Taste and aftertaste in wine

When we taste a wine, we are flooded with a cascade of taste sensations, but we must bear in mind that when we taste any food, other senses are involved in addition to taste and, in addition, the sapid sensations unfold in different phases that make up what we know as the taste of wine.
The mouth is a polysensory organ since, in addition to the tongue and its taste buds, it also sends olfactory sensations to the nose through the throat and has touch, which allows us to differentiate sensations such as temperature, alcohol or volume of the wine.
The first thing to note is that taste and flavor are different concepts. Taste is a sense that is formed in the mouth, while flavor is the union of several senses simultaneously, basically taste and smell.
When we taste a wine, the different flavors almost always follow one after the other in the same order. First the sweet flavors appear, then the acidic and, finally, the bitter ones. And in turn, they disappear inversely. That is, first we stop perceiving bitter tastes, then acidic and finally sweet tastes.
For this reason, we usually differentiate between different stages in the tastings:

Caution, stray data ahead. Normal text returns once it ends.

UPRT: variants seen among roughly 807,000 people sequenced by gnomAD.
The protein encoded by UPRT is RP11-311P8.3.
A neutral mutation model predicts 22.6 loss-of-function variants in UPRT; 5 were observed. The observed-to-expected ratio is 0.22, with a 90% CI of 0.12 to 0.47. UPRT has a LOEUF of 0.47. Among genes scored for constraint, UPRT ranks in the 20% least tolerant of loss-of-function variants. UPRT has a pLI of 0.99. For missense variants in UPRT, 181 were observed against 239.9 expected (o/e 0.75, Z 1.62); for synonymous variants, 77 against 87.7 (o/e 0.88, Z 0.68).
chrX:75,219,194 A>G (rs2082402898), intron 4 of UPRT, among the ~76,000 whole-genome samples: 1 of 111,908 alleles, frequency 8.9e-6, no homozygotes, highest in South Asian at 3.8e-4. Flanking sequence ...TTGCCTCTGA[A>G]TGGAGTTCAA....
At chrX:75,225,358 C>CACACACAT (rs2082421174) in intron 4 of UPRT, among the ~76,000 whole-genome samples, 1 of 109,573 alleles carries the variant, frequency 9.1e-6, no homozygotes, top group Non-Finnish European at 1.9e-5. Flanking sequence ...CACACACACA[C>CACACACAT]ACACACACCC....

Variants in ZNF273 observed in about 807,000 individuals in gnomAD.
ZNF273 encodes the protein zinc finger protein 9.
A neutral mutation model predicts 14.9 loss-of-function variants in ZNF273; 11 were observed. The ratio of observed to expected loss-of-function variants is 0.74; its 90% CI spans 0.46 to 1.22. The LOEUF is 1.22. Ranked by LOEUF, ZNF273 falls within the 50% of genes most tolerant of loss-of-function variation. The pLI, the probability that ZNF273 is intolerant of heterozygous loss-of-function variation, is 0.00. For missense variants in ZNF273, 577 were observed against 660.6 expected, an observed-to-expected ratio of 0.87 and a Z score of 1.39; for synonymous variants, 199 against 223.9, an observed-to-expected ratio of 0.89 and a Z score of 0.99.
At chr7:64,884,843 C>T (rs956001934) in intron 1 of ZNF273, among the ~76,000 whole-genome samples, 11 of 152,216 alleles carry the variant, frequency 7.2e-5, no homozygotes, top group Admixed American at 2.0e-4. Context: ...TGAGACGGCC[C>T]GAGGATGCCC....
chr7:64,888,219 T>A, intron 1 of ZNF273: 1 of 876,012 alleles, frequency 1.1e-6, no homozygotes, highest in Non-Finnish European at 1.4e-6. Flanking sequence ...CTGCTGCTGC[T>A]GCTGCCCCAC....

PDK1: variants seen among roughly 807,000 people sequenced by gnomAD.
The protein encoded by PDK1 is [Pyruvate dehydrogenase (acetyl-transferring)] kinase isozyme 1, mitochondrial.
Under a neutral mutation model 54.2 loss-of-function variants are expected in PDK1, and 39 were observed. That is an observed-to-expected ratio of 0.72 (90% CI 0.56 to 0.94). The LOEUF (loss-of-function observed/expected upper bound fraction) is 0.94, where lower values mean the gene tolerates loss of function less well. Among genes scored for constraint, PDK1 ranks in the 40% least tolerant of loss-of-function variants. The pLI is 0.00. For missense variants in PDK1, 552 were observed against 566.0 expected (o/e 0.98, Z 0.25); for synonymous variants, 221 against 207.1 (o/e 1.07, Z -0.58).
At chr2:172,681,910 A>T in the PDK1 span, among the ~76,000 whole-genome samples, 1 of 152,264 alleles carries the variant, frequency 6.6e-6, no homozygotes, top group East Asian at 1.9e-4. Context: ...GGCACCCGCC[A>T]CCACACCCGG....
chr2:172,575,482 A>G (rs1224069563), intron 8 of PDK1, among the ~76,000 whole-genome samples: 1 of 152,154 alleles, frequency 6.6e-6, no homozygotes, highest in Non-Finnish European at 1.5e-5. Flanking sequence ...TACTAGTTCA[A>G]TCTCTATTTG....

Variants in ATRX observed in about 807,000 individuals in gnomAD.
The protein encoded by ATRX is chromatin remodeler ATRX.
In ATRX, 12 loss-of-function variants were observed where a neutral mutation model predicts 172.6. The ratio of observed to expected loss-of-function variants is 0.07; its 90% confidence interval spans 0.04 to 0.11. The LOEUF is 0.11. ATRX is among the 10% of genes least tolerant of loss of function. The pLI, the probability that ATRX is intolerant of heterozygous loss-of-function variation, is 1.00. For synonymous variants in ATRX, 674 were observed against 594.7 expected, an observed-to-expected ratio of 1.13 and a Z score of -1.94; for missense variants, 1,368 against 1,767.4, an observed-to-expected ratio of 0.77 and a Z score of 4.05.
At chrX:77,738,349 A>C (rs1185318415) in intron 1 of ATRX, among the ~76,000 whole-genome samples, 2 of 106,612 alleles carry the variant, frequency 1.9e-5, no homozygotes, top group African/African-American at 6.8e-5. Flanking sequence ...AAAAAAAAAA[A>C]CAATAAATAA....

1-The entry or attack: at first, sweet and acidic flavors are the most noticeable. It lasts between two to three seconds and sugary substances and alcohol are more important in this phase.
2-Evolution stage: in this stage, salty and bitter sensations are distinguished. Sugar flavors are reduced and it lasts from five to ten seconds.
3-Post-taste: during this phase pseudo-tactile sensations and indirect aromatics (aromas that pass to the nose through our mouth) are perceived.
4-Retrotaste: generally only generates aromatic sensations. It is given when we have already ingested the wine and refers to the sensations it leaves in our mouth. It is the final impression of the tasting and is highly influenced by both the smell and the effects of wine intake on the mucous membrane. It can last between eight and twelve seconds.
Thus, when we refer to the aftertaste or aftertaste of a wine, we are referring to the sensations that remain in the throat and nostrils after drinking the wine.
The taste of a wine is the sensation it generates in the mouth, while the aftertaste is the flavor that remains of that wine. For this reason, it is important to know how to differentiate the different flavors that unfold when tasting wine, and to nuance the sensations that linger after drinking it.

Leave a Reply